Are our lives really that different from the people who were around on July 4, 1776? Although slavery, class, and gender differences greatly restricted people, I suspect that many of our daily activities are still the same.
This morning, I finally got around to planting my seed potatoes. Since our house was built in the 1840s, chances are the family who lived there spent July 4th catching up on their gardening, too.
Across the street, I saw that my neighbor had put up an enormous American flag. The number of stars and stripes have changed, but the first flag dates back to 1777.
As I took a more leisurely stroll than usual around Jamaica Pond, I saw people sailing, fishing, and reading – things people might have done on a day off in 1776, provided they had the freedom and leisure time.
I stopped to chat with Juan, who was teaching his two sons, Gabriel and Ariel, to fish. The boys were sporting Mohawks, a hairdo that has certainly survived the centuries.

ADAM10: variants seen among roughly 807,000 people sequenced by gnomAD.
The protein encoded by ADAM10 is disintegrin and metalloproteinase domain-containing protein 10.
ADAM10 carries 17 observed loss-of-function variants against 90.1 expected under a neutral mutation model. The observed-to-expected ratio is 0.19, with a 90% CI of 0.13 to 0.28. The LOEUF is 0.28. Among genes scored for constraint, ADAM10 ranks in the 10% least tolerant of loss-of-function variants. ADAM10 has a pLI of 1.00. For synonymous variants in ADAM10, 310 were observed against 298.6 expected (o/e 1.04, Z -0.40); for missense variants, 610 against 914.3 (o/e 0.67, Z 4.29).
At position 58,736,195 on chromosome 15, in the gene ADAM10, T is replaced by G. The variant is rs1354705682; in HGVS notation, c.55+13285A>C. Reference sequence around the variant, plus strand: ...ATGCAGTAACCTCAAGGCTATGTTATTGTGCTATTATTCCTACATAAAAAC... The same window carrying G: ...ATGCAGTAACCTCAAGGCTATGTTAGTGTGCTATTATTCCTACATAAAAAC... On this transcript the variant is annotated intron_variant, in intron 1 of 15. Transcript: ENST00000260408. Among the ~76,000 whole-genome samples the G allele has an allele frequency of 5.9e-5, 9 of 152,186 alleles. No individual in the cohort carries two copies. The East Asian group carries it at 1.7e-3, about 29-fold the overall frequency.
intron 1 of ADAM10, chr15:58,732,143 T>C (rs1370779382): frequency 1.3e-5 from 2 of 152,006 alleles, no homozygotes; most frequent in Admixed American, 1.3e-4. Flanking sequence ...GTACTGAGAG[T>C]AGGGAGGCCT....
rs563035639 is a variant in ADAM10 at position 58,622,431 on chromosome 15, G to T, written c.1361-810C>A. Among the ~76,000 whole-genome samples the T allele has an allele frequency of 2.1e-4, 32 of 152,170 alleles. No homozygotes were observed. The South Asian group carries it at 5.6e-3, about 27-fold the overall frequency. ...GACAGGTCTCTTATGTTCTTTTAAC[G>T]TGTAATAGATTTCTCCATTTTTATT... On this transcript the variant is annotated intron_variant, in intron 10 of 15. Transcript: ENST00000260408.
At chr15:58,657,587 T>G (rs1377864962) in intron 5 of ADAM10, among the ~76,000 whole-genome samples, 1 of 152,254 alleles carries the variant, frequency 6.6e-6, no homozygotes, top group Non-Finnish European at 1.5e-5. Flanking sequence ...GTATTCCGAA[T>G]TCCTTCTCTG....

I also took a look at the little island in the Pond, one of my favorite sights. According to the JP Historical Society, this willow-covered isle was ingeniously built up over a promontory some time before World War 1. The island was devastated by Hurricane Bob in 1991, when all but one of the original willow trees was destroyed, but over the last two decades, the island has been built up again. The precise view has changed, even while I’ve lived in Jamaica Plain, but the effect is the same.
As I eagerly snapped photos on my iPhone and thought about what I’d write in my blog, I realized the irony. Sure, people have taken photos for nearly two centuries, but not on their cell phones. They wrote with quill pens, not with computer keyboards. The activities are the same, but the delivery vehicles have changed.
So two centuries from now, what technology will people be using on July 4th?